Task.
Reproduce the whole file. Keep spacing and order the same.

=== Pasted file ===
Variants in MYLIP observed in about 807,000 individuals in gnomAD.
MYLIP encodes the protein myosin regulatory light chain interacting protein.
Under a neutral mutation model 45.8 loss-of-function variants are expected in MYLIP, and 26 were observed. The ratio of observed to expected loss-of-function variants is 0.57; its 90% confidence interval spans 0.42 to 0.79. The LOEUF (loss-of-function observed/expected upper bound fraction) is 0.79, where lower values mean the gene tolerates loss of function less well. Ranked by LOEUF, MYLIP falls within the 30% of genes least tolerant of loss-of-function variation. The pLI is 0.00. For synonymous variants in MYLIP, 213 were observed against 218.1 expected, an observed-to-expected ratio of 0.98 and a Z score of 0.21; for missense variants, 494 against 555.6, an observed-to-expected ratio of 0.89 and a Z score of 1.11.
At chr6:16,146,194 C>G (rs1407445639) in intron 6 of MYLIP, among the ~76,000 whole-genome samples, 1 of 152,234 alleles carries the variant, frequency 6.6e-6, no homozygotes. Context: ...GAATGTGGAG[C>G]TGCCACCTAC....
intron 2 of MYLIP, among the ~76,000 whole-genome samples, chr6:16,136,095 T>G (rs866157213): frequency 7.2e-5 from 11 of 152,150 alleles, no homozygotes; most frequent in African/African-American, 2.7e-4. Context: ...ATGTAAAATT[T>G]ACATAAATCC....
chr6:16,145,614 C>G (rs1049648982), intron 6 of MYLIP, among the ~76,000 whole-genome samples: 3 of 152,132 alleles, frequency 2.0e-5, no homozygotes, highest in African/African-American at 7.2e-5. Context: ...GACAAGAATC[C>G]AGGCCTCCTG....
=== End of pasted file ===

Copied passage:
Variants in MYLIP observed in about 807,000 individuals in gnomAD.
MYLIP encodes the protein myosin regulatory light chain interacting protein.
Under a neutral mutation model 45.8 loss-of-function variants are expected in MYLIP, and 26 were observed. The ratio of observed to expected loss-of-function variants is 0.57; its 90% confidence interval spans 0.42 to 0.79. The LOEUF (loss-of-function observed/expected upper bound fraction) is 0.79, where lower values mean the gene tolerates loss of function less well. Ranked by LOEUF, MYLIP falls within the 30% of genes least tolerant of loss-of-function variation. The pLI is 0.00. For synonymous variants in MYLIP, 213 were observed against 218.1 expected, an observed-to-expected ratio of 0.98 and a Z score of 0.21; for missense variants, 494 against 555.6, an observed-to-expected ratio of 0.89 and a Z score of 1.11.
At chr6:16,146,194 C>G (rs1407445639) in intron 6 of MYLIP, among the ~76,000 whole-genome samples, 1 of 152,234 alleles carries the variant, frequency 6.6e-6, no homozygotes. Context: ...GAATGTGGAG[C>G]TGCCACCTAC....
intron 2 of MYLIP, among the ~76,000 whole-genome samples, chr6:16,136,095 T>G (rs866157213): frequency 7.2e-5 from 11 of 152,150 alleles, no homozygotes; most frequent in African/African-American, 2.7e-4. Context: ...ATGTAAAATT[T>G]ACATAAATCC....
chr6:16,145,614 C>G (rs1049648982), intron 6 of MYLIP, among the ~76,000 whole-genome samples: 3 of 152,132 alleles, frequency 2.0e-5, no homozygotes, highest in African/African-American at 7.2e-5. Context: ...GACAAGAATC[C>G]AGGCCTCCTG....